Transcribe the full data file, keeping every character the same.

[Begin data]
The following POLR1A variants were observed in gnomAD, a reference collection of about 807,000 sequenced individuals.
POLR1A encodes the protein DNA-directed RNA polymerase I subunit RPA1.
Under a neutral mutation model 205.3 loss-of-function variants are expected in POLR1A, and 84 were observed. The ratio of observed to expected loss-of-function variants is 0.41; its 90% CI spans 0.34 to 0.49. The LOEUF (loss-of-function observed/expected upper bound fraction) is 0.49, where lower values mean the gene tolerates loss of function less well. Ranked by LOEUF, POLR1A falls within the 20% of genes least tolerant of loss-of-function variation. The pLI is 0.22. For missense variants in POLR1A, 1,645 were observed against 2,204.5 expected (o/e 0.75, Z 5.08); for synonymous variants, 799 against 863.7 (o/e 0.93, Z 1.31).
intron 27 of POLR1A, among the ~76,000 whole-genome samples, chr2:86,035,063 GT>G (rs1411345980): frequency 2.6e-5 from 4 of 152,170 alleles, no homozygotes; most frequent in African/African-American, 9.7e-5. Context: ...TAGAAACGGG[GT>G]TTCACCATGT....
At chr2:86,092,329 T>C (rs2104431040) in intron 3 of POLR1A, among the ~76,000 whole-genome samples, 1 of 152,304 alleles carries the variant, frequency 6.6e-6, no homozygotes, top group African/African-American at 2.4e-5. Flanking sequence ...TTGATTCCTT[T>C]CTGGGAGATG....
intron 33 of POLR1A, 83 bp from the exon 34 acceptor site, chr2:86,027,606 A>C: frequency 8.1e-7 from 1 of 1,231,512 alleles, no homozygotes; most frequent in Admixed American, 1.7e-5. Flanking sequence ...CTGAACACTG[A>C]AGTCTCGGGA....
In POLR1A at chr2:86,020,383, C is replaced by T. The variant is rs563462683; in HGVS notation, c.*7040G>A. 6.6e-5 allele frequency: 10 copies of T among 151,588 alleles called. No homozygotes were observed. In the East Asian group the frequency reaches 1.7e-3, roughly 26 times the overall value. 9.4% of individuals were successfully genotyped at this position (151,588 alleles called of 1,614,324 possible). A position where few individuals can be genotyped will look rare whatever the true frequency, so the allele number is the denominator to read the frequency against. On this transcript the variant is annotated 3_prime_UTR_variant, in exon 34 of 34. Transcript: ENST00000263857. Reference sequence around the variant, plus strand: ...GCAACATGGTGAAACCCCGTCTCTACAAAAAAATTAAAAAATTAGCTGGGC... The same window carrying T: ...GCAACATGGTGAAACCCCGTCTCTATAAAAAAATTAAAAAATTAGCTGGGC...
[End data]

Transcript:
The following POLR1A variants were observed in gnomAD, a reference collection of about 807,000 sequenced individuals.
POLR1A encodes the protein DNA-directed RNA polymerase I subunit RPA1.
Under a neutral mutation model 205.3 loss-of-function variants are expected in POLR1A, and 84 were observed. The ratio of observed to expected loss-of-function variants is 0.41; its 90% CI spans 0.34 to 0.49. The LOEUF (loss-of-function observed/expected upper bound fraction) is 0.49, where lower values mean the gene tolerates loss of function less well. Ranked by LOEUF, POLR1A falls within the 20% of genes least tolerant of loss-of-function variation. The pLI is 0.22. For missense variants in POLR1A, 1,645 were observed against 2,204.5 expected (o/e 0.75, Z 5.08); for synonymous variants, 799 against 863.7 (o/e 0.93, Z 1.31).
intron 27 of POLR1A, among the ~76,000 whole-genome samples, chr2:86,035,063 GT>G (rs1411345980): frequency 2.6e-5 from 4 of 152,170 alleles, no homozygotes; most frequent in African/African-American, 9.7e-5. Context: ...TAGAAACGGG[GT>G]TTCACCATGT....
At chr2:86,092,329 T>C (rs2104431040) in intron 3 of POLR1A, among the ~76,000 whole-genome samples, 1 of 152,304 alleles carries the variant, frequency 6.6e-6, no homozygotes, top group African/African-American at 2.4e-5. Flanking sequence ...TTGATTCCTT[T>C]CTGGGAGATG....
intron 33 of POLR1A, 83 bp from the exon 34 acceptor site, chr2:86,027,606 A>C: frequency 8.1e-7 from 1 of 1,231,512 alleles, no homozygotes; most frequent in Admixed American, 1.7e-5. Flanking sequence ...CTGAACACTG[A>C]AGTCTCGGGA....
In POLR1A at chr2:86,020,383, C is replaced by T. The variant is rs563462683; in HGVS notation, c.*7040G>A. 6.6e-5 allele frequency: 10 copies of T among 151,588 alleles called. No homozygotes were observed. In the East Asian group the frequency reaches 1.7e-3, roughly 26 times the overall value. 9.4% of individuals were successfully genotyped at this position (151,588 alleles called of 1,614,324 possible). A position where few individuals can be genotyped will look rare whatever the true frequency, so the allele number is the denominator to read the frequency against. On this transcript the variant is annotated 3_prime_UTR_variant, in exon 34 of 34. Transcript: ENST00000263857. Reference sequence around the variant, plus strand: ...GCAACATGGTGAAACCCCGTCTCTACAAAAAAATTAAAAAATTAGCTGGGC... The same window carrying T: ...GCAACATGGTGAAACCCCGTCTCTATAAAAAAATTAAAAAATTAGCTGGGC...